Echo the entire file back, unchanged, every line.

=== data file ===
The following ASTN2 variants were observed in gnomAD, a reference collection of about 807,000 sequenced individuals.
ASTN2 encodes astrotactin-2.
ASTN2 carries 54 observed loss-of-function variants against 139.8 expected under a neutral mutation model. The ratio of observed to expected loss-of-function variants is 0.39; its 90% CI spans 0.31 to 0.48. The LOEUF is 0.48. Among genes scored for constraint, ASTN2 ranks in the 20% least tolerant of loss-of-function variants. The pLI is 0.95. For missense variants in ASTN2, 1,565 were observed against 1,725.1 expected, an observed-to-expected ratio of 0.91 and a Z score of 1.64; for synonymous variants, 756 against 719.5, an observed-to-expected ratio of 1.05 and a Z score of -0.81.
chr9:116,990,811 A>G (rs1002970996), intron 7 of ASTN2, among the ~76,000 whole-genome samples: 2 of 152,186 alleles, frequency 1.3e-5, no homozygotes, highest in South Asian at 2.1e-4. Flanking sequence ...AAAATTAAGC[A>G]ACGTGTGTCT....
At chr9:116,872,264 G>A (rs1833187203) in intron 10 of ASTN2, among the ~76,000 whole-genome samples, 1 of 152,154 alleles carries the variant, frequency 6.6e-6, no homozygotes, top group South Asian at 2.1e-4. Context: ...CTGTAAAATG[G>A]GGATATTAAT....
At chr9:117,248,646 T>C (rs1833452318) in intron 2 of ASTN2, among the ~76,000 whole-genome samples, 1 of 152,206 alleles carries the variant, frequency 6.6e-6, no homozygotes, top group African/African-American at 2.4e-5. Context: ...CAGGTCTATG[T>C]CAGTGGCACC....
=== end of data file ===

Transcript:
The following ASTN2 variants were observed in gnomAD, a reference collection of about 807,000 sequenced individuals.
ASTN2 encodes astrotactin-2.
ASTN2 carries 54 observed loss-of-function variants against 139.8 expected under a neutral mutation model. The ratio of observed to expected loss-of-function variants is 0.39; its 90% CI spans 0.31 to 0.48. The LOEUF is 0.48. Among genes scored for constraint, ASTN2 ranks in the 20% least tolerant of loss-of-function variants. The pLI is 0.95. For missense variants in ASTN2, 1,565 were observed against 1,725.1 expected, an observed-to-expected ratio of 0.91 and a Z score of 1.64; for synonymous variants, 756 against 719.5, an observed-to-expected ratio of 1.05 and a Z score of -0.81.
chr9:116,990,811 A>G (rs1002970996), intron 7 of ASTN2, among the ~76,000 whole-genome samples: 2 of 152,186 alleles, frequency 1.3e-5, no homozygotes, highest in South Asian at 2.1e-4. Flanking sequence ...AAAATTAAGC[A>G]ACGTGTGTCT....
At chr9:116,872,264 G>A (rs1833187203) in intron 10 of ASTN2, among the ~76,000 whole-genome samples, 1 of 152,154 alleles carries the variant, frequency 6.6e-6, no homozygotes, top group South Asian at 2.1e-4. Context: ...CTGTAAAATG[G>A]GGATATTAAT....
At chr9:117,248,646 T>C (rs1833452318) in intron 2 of ASTN2, among the ~76,000 whole-genome samples, 1 of 152,206 alleles carries the variant, frequency 6.6e-6, no homozygotes, top group African/African-American at 2.4e-5. Context: ...CAGGTCTATG[T>C]CAGTGGCACC....